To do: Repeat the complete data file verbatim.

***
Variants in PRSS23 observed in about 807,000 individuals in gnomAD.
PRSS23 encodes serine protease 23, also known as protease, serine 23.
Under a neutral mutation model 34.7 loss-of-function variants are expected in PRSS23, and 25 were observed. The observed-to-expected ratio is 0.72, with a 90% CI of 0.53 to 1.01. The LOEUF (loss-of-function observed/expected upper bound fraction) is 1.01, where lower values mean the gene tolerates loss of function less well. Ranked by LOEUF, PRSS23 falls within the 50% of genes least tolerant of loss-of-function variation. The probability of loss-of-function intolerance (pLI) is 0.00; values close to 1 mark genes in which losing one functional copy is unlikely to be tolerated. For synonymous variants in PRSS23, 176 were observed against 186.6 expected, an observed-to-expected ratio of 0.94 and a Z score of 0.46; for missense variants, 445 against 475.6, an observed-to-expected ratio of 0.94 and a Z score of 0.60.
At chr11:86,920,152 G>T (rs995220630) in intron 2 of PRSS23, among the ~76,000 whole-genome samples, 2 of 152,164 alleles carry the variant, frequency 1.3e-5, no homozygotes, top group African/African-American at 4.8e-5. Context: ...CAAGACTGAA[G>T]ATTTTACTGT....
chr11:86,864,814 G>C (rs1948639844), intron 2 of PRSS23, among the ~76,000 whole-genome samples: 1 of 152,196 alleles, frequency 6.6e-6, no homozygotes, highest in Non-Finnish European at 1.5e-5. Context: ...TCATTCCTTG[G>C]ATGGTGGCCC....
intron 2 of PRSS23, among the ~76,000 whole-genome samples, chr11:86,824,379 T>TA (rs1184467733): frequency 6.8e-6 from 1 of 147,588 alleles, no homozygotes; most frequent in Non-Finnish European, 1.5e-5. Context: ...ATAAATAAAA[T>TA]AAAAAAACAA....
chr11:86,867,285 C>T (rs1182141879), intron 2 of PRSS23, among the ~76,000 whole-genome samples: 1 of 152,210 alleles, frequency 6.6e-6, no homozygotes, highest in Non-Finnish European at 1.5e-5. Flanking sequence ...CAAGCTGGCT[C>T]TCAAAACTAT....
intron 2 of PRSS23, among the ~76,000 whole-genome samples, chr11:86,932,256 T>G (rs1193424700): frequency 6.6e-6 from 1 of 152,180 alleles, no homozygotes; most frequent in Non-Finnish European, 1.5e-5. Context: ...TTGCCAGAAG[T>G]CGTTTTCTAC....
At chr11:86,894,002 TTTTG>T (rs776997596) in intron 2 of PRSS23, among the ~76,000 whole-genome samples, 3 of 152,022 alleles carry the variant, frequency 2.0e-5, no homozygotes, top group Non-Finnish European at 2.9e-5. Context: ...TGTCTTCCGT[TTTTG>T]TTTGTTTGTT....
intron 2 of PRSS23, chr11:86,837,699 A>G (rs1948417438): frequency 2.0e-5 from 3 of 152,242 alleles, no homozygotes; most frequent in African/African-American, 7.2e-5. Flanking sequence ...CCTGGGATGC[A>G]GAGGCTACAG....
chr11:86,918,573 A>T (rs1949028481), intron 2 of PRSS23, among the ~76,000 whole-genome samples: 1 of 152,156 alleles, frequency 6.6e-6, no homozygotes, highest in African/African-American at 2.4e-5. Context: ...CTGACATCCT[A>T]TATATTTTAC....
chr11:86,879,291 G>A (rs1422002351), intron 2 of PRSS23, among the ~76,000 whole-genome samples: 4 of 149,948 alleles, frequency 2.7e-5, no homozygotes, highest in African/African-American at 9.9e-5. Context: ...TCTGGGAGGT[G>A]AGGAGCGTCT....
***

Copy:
Variants in PRSS23 observed in about 807,000 individuals in gnomAD.
PRSS23 encodes serine protease 23, also known as protease, serine 23.
Under a neutral mutation model 34.7 loss-of-function variants are expected in PRSS23, and 25 were observed. The observed-to-expected ratio is 0.72, with a 90% CI of 0.53 to 1.01. The LOEUF (loss-of-function observed/expected upper bound fraction) is 1.01, where lower values mean the gene tolerates loss of function less well. Ranked by LOEUF, PRSS23 falls within the 50% of genes least tolerant of loss-of-function variation. The probability of loss-of-function intolerance (pLI) is 0.00; values close to 1 mark genes in which losing one functional copy is unlikely to be tolerated. For synonymous variants in PRSS23, 176 were observed against 186.6 expected, an observed-to-expected ratio of 0.94 and a Z score of 0.46; for missense variants, 445 against 475.6, an observed-to-expected ratio of 0.94 and a Z score of 0.60.
At chr11:86,920,152 G>T (rs995220630) in intron 2 of PRSS23, among the ~76,000 whole-genome samples, 2 of 152,164 alleles carry the variant, frequency 1.3e-5, no homozygotes, top group African/African-American at 4.8e-5. Context: ...CAAGACTGAA[G>T]ATTTTACTGT....
chr11:86,864,814 G>C (rs1948639844), intron 2 of PRSS23, among the ~76,000 whole-genome samples: 1 of 152,196 alleles, frequency 6.6e-6, no homozygotes, highest in Non-Finnish European at 1.5e-5. Context: ...TCATTCCTTG[G>C]ATGGTGGCCC....
intron 2 of PRSS23, among the ~76,000 whole-genome samples, chr11:86,824,379 T>TA (rs1184467733): frequency 6.8e-6 from 1 of 147,588 alleles, no homozygotes; most frequent in Non-Finnish European, 1.5e-5. Context: ...ATAAATAAAA[T>TA]AAAAAAACAA....
chr11:86,867,285 C>T (rs1182141879), intron 2 of PRSS23, among the ~76,000 whole-genome samples: 1 of 152,210 alleles, frequency 6.6e-6, no homozygotes, highest in Non-Finnish European at 1.5e-5. Flanking sequence ...CAAGCTGGCT[C>T]TCAAAACTAT....
intron 2 of PRSS23, among the ~76,000 whole-genome samples, chr11:86,932,256 T>G (rs1193424700): frequency 6.6e-6 from 1 of 152,180 alleles, no homozygotes; most frequent in Non-Finnish European, 1.5e-5. Context: ...TTGCCAGAAG[T>G]CGTTTTCTAC....
At chr11:86,894,002 TTTTG>T (rs776997596) in intron 2 of PRSS23, among the ~76,000 whole-genome samples, 3 of 152,022 alleles carry the variant, frequency 2.0e-5, no homozygotes, top group Non-Finnish European at 2.9e-5. Context: ...TGTCTTCCGT[TTTTG>T]TTTGTTTGTT....
intron 2 of PRSS23, chr11:86,837,699 A>G (rs1948417438): frequency 2.0e-5 from 3 of 152,242 alleles, no homozygotes; most frequent in African/African-American, 7.2e-5. Flanking sequence ...CCTGGGATGC[A>G]GAGGCTACAG....
chr11:86,918,573 A>T (rs1949028481), intron 2 of PRSS23, among the ~76,000 whole-genome samples: 1 of 152,156 alleles, frequency 6.6e-6, no homozygotes, highest in African/African-American at 2.4e-5. Context: ...CTGACATCCT[A>T]TATATTTTAC....
chr11:86,879,291 G>A (rs1422002351), intron 2 of PRSS23, among the ~76,000 whole-genome samples: 4 of 149,948 alleles, frequency 2.7e-5, no homozygotes, highest in African/African-American at 9.9e-5. Context: ...TCTGGGAGGT[G>A]AGGAGCGTCT....